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The Oxford Handbook of Biblical Studies Provides a comprehensive survey of Biblical scholarship in a variety of disciplines.



The Growth of the New Testament

John M. Court

Introduction

To speak about the growth of the New Testament essentially acknowledges the fact that here is no single, unitary, and static text, but rather an emerging and developing assemblage, or library, of texts. When we speak in this way, we recognize the need to reconstruct a historical perspective, from such resources as may be available, within which individual texts are identified, and their movements and possible interactions are charted. Even in the present age of critical study of the Bible, when literary rather than historical readings are favoured, the broadest kind of historical perspective is still a prerequisite for this particular topic.

But it is this historical perspective which actually constitutes the problem for us, because different reconstructions can identify the important constituent texts quite differently. For instance, in 1792 Edward Evanson identified ten New Testament books as belonging to the earliest period, the apostolic age: Luke–Acts, 1 and 2 Corinthians, Galatians, 1 and 2 Thessalonians, 1 and 2 Timothy, and Revelation (chs. 4–22). Forty years later, Ferdinand Christian Baur of Tübingen would ascribe to the apostolic period only five: namely, Romans, 1 and 2 Corinthians, Galatians, and Revelation. By contrast, E. Earle Ellis (1998: 87) stated that ‘there are strong arguments for dating the composition of the New Testament writings, with the exception of the Gospel and letters of John, during the first Christian generation, say, about A.D.50–70’—so twenty-three out of a possible total of twenty-seven.

‘The wellspring of the New Testament was a fountain of collective memory that found its origin in the life and teachings of Jesus. Papias called it “a voice that lives and abides” ’ (Baird 2002: 11). This is the voice which, for example, J. Arthur Baird sought to identify, in written memoir and underlying oral communication, within the material of the gospels and early Christian tradition. He sought to demonstrate a trajectory which leads from the teachings of Jesus, moving outwards to narratives about Jesus. The central layer of the message is the ‘holy Word’, on top of which are other levels represented by narrative, gospel, and traditions. Theological changes (‘shifts’) are involved at each level, as ultimately the Word is applied to doctrinal, ethical, and ecclesiastical concerns. Baird did not regard these changes as sinister and manipulative, but rather as a natural evolution of the message in relation to the changing needs and circumstances of the Church, and effectively therefore a witness to continuity.

A broadly similar emphasis on these salient features of the situation in which the New Testament grew historically was provided by Rowan Williams (2001: p. xxviii, writing in the different context of a comment on Richard Hooker): ‘The Bible is a book always being read by a historical community, whose corporate sense of what Scripture says, and skills in “translating” scriptural doctrine into new situations, must equally be taken with theological seriousness’ (my emphasis).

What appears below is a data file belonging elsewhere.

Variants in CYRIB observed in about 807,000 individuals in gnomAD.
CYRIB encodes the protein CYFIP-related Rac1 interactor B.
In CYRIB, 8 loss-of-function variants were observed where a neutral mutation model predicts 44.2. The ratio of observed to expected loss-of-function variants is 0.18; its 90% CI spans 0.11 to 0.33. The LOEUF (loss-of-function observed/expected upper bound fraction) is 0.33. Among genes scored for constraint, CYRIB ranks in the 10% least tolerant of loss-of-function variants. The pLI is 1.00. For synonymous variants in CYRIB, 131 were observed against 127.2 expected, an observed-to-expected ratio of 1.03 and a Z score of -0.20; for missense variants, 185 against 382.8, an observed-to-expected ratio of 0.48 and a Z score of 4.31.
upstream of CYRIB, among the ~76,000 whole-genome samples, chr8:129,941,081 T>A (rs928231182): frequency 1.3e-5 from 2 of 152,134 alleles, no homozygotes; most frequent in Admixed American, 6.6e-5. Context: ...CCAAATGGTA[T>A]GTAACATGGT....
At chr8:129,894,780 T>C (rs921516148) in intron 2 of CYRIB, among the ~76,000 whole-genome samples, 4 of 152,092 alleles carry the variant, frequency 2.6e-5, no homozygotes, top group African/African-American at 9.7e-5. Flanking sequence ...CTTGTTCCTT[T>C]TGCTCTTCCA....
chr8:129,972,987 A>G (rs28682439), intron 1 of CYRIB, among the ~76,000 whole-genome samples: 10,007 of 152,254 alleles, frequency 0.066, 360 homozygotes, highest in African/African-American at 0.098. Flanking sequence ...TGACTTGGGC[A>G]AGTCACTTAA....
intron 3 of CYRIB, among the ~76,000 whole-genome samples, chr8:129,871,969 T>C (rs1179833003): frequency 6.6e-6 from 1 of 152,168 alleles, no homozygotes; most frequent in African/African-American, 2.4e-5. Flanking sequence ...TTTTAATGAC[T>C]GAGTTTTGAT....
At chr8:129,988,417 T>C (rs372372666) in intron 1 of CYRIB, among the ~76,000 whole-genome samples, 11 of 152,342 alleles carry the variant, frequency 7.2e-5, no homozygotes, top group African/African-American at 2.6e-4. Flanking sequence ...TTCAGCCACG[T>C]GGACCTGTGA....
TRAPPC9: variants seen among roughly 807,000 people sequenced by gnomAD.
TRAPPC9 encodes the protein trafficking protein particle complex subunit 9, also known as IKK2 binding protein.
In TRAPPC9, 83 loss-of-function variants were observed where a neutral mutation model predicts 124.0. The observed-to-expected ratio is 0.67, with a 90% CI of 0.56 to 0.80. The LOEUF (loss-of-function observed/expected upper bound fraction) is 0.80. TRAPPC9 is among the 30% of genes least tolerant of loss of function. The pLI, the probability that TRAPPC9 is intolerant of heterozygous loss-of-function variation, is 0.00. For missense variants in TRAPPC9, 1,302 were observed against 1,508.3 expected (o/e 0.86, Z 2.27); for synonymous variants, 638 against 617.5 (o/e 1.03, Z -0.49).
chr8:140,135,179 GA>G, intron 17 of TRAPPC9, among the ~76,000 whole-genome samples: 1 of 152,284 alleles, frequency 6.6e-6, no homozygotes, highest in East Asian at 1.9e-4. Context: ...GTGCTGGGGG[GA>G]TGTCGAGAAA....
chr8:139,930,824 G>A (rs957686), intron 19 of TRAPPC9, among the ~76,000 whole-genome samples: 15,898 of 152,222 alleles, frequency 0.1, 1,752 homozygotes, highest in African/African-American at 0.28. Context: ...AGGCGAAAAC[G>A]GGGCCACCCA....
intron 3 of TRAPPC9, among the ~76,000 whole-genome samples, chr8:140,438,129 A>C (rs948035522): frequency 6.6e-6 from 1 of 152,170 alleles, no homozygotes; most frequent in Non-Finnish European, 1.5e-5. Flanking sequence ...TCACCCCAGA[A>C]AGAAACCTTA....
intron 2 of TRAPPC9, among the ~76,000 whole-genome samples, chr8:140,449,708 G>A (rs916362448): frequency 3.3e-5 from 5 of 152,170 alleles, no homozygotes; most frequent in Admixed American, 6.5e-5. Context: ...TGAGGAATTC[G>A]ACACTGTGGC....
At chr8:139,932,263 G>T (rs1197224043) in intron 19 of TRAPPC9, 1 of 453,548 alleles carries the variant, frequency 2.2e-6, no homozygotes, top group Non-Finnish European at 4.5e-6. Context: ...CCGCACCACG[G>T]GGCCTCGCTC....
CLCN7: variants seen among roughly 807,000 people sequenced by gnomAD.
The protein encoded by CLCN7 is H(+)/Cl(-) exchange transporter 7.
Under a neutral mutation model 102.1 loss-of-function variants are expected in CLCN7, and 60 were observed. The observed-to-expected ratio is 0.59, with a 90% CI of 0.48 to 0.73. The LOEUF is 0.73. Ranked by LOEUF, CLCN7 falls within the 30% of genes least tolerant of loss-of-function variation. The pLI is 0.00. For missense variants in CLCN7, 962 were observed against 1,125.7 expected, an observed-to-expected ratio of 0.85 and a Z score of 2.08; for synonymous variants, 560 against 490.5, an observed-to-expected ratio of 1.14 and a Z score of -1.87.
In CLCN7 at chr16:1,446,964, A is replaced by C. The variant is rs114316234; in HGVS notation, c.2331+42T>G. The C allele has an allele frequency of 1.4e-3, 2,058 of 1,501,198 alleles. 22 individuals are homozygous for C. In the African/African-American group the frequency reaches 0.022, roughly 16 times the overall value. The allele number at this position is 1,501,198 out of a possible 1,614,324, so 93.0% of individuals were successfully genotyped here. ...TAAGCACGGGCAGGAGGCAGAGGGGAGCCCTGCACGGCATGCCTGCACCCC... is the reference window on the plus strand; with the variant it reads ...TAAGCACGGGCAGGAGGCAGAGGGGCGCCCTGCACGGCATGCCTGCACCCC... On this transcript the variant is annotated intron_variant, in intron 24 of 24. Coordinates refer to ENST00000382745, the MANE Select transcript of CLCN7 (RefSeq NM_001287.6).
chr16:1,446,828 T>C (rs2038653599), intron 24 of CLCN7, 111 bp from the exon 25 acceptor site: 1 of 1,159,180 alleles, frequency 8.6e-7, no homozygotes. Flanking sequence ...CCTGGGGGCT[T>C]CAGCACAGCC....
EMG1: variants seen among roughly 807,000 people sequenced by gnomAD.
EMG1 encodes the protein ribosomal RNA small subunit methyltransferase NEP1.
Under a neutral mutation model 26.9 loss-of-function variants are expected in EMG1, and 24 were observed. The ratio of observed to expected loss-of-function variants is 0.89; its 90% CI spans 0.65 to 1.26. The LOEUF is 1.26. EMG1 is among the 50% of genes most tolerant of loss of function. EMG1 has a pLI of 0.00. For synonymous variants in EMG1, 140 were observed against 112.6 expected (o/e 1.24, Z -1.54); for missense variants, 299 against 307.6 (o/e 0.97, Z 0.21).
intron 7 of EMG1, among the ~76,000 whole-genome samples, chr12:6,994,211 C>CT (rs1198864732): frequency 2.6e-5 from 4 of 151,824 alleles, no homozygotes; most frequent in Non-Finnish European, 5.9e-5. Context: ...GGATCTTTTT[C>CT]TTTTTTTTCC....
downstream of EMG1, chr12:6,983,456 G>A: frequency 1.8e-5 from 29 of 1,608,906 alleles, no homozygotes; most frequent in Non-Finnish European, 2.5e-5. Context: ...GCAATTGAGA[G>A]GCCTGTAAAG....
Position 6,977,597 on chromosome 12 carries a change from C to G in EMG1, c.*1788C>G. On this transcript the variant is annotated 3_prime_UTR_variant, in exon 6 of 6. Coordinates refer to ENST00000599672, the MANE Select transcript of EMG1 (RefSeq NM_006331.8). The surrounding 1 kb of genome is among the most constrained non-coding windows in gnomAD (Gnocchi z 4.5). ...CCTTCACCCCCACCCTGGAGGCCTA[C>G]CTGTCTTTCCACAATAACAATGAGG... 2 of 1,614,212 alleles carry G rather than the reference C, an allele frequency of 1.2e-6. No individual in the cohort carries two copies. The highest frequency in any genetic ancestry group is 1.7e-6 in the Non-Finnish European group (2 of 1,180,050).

Already we can identify certain fundamental questions which must be addressed, in order that the origins and development of the New Testament can be discussed, on the basis of evidence for what we know, rather than on what we assume we know:

  • 1. In its most significantly formative stages, is the New Testament to be regarded as an oral tradition or as a set of written documents?

  • 2. What would constitute a quotation from this tradition, whether oral or written, so that it would be widely recognized?

  • 3. Does the concept of growth and development in this material entail an identifiable and indeed quantifiable period of time that must elapse for this to take place?

  • 4. Is a cultural transition, a movement from one world to another, necessarily involved in this process of development, so as to be its causal factor? Is the so-called ‘parting of the ways’, between Judaism and Christianity, in this way a significant aspect of the growth of the New Testament?

  • 5. Would it be correct, as Baird suggested, to accord temporal priority to the teaching of Jesus, and to see this as moving logically to a biographical and explanatory interpretation of Jesus in the form of narrative?

  • 6. Do any observations, which we may have, about the current shape of the canon of the New Testament, provide indicators of the shapes and likely priorities in earlier forms of the tradition? Can we do an archaeology of the text, on the basis of its present structure?

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